What do you value? Are you living your life in a way that is consistent with your values? If so, then chances are you will perceive meaning in your life. If not, there is still time to think about things differently, to do things differently. Perceiving meaning in life is essential to human health and well-being. These links are well supported in the research literature. However, this meaning cannot be given, it is something that people must discover for themselves. If we know why we get out of bed in the morning, if we have a purpose that we value, a meaning to our life, then we are bolstered, whether confronted by day-to-day stressors or by life-threatening circumstances. Challenges awaken us to our strengths and realign our perspective as to what is truly important. Are we spending our time in ways that we genuinely value? These are the personally meaningful experiences to cultivate, to savor, “the good stuff” as foundation for “the good life” (see for example, Peterson, 2013), that is, the meaningful life.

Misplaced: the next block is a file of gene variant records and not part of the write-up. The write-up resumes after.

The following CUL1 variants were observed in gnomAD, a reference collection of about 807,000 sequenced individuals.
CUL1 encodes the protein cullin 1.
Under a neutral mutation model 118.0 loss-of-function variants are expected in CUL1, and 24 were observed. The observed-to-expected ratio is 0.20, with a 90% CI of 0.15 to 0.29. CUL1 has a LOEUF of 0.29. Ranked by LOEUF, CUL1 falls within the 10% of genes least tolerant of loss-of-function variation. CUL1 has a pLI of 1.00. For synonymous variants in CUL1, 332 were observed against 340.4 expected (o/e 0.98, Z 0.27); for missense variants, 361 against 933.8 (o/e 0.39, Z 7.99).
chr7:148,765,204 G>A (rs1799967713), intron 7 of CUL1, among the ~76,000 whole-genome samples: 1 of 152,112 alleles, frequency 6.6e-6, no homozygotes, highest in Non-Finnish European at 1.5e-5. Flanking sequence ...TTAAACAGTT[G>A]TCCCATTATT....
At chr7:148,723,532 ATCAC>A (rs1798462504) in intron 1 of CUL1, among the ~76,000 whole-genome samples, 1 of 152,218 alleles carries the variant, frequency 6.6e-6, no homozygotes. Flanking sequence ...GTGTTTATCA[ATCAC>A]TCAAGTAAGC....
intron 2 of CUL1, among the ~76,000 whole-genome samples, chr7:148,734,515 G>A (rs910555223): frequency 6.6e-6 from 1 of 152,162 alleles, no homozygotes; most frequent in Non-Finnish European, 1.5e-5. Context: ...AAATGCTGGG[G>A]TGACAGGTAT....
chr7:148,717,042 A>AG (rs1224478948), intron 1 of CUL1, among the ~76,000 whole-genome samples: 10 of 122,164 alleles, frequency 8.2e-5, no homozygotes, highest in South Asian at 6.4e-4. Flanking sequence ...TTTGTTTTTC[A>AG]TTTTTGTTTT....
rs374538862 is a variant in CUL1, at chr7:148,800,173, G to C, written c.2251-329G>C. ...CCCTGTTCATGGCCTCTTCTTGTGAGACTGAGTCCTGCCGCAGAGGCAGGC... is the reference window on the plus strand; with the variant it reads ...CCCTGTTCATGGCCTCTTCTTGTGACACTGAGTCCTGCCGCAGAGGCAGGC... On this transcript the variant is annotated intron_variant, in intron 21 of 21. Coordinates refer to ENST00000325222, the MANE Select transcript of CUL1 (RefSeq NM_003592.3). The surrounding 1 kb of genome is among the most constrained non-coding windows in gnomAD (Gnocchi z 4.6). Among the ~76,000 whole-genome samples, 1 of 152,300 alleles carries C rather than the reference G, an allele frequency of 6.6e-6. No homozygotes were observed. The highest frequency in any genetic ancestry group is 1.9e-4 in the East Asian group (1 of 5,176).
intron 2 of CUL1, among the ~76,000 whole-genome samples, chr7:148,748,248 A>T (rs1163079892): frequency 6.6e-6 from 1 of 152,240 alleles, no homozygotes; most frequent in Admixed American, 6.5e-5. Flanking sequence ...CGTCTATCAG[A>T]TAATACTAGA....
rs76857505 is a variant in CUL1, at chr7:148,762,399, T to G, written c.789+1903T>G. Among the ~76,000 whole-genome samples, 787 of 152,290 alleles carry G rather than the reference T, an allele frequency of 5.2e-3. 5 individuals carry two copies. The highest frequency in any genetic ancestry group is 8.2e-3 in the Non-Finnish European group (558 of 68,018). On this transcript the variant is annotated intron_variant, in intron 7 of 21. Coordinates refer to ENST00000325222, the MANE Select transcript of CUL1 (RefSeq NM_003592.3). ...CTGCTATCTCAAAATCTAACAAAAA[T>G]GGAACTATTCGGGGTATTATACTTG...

- Frankl, V. E. (1959/1985). Man’s search for meaning (Rev. ed.). New York: Washington Square Press.
- Park, C. L. (2016). Meaning making in the context of disasters. Journal of Clinical Psychology, 72, 1234-1246.
- Peterson, C. (2013). Pursuing the good life: 100 reflections on positive psychology. New York: Oxford University Press.
- Schulenberg, S. E., Hutzell, R. R., Nassif, C., & Rogina, J. M. (2008). Logotherapy for clinical practice. Psychotherapy: Theory, Research, Practice, Training, 45, 447-463. doi:10.1037/a0014331
- Weathers, L. N., Aiena, B. J., Blackwell, M. A., & Schulenberg, S. E. (2016). The significance of meaning to conceptualizations of resilience and posttraumatic growth: Strengthening the foundation for research and practice. In P. Russo-Netzer, S. E. Schulenberg, & A. Batthyany (Eds.), Clinical perspectives on meaning: Positive and existential psychotherapy (pp. 149-169). Switzerland: Springer International Publishing.
~Stefan E. Schulenberg, Ph.D. is a licensed psychologist in the state of Mississippi, a Professor in the University of Mississippi’s Psychology Department, and a Diplomate in Logotherapy. Dr. Schulenberg serves as the Director of the University of Mississippi’s Clinical-Disaster Research Center (UM-CDRC), an integrated research, teaching, and training center with emphases in disaster mental health and positive/existential psychology. His research interests include perceived meaning/purpose in life, clinical-disaster psychology, resilience, and posttraumatic growth.